“You know I’m not wrong, though. I could put a touch of something more modern in here and they’d be coming from two, three, maybe four towns over just to have a swig of something here.”
Dixie asked, again; “how long did it take you to get here on your rounds?”
“Not to see how it’s relevant, but about three months; give or take. It is, after all, the edge of territory out here.”
“Exactly the point; the folk out here like it that way. Nice, clean, and simple. They get in, do what they have to, or need to, maybe stop in for a brew and a chew, and then get to going. What am I to do with a whole plate of attention no one wants around here?”
The salesman looked like he had a counter thought to his question. Or, maybe another argument in rebuttal. Whatever it was, Dixie didn’t even give him the chance to offer it.
“More to the point; suppose I do fancy me a set of your floating holo-doo-hickey table and chair sets. What am I to do if it suddenly is less of a floaty table and more a crash to the ground table? Hmm? Wait three months for someone to come out and get me a new one while I’m down a table and, what; four seats ain’t no one gonna sit in now?”
Once again the lips of the salesman parted, as if to add or rebut. And, once again, Dixie saw to it he didn’t. “Now, lest I figure it don’t come down on one of my most loyal and quiet patrons, I’m not to suppose you’ll come straight out to my rescue, will I?” The salesman had no reply. “Exactly. See, out here we got no need for anything we can’t do for ourselves.”
Dixie scooped up the empty mug from in front of the salesman. “That one’s on the house if you can find yourself to the door in the next couple minutes. And I’d be obliged you a kindness not to be seeing you in here on any future date, sir. Good evening.”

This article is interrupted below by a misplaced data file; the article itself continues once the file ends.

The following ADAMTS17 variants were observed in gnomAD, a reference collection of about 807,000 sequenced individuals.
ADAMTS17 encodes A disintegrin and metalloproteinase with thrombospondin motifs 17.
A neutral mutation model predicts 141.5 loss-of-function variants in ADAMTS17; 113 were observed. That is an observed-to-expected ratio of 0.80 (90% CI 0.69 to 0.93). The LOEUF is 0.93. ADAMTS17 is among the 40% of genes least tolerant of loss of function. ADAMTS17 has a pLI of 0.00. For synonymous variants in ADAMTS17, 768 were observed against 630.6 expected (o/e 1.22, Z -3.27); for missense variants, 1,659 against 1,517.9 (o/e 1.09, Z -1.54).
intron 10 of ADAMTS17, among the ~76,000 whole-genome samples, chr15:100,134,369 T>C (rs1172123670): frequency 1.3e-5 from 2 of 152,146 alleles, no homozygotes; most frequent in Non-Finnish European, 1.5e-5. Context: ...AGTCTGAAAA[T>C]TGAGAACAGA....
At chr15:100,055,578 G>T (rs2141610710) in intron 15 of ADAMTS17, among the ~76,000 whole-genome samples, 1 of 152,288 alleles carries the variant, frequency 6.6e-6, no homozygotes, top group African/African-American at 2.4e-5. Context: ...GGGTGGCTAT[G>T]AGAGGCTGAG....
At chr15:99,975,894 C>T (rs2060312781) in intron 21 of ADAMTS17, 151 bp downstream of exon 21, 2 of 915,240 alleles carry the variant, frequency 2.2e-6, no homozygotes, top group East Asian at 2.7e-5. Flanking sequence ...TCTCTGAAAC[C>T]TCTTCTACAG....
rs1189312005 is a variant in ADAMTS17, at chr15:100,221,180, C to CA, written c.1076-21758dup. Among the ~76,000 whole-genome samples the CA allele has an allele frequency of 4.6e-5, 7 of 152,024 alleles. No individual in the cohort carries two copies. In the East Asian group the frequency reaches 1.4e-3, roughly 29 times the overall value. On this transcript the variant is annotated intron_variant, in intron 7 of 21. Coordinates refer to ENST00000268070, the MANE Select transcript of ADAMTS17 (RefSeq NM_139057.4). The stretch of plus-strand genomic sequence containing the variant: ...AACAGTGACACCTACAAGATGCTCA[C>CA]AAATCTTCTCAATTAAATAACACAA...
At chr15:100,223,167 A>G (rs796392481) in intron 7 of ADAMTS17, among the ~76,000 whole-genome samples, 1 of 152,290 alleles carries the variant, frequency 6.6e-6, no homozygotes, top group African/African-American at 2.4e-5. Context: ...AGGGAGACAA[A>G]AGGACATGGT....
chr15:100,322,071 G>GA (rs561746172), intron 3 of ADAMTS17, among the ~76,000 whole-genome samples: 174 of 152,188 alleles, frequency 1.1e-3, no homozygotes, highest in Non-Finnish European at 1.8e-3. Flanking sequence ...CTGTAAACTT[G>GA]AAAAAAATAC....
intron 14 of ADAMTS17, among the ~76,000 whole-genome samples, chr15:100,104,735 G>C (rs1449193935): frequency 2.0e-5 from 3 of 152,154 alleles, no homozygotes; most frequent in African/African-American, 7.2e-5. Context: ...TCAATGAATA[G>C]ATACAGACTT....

The salesman adjusted himself on the stool. Maybe he had considered one last sales pitch before he realized it had become a little too quiet for this quiet, out of the way pub. Looking around, he could see some of the patrons had taken more than a passing fancy in their discourse. The sound of shuffling cards could be heard from the side room where a lone young lady sat with a deck. It became very clear it was time to cut his losses.
“Well, I thank you for the hospitality of the free drink, sir, and sorry to be a trouble.” Gathering himself up off the stool he made for the door, turning one last time to Dixie. “You have a lovely establishment, here. Have a good evening.”
Outside, on the makeshift dirt street, the salesman made a notation on a digital pad. “Hey, this looks promising,” he heard a voice say. Looking back he saw a mop headed man in a jacket was looking in through the doorway. The back of the jacket had some sort of patch on it in a language he didn’t read; a skull with fiery wings biting on what looked like a wrench.
“Nah," he said to the stranger in the jacket, “just another hole in the wall run down hick joint. Seen one, you’ve seen them all.” And he strode off into the night, thinking about his next stop.
“Perfect,” the jacketed stranger said to himself.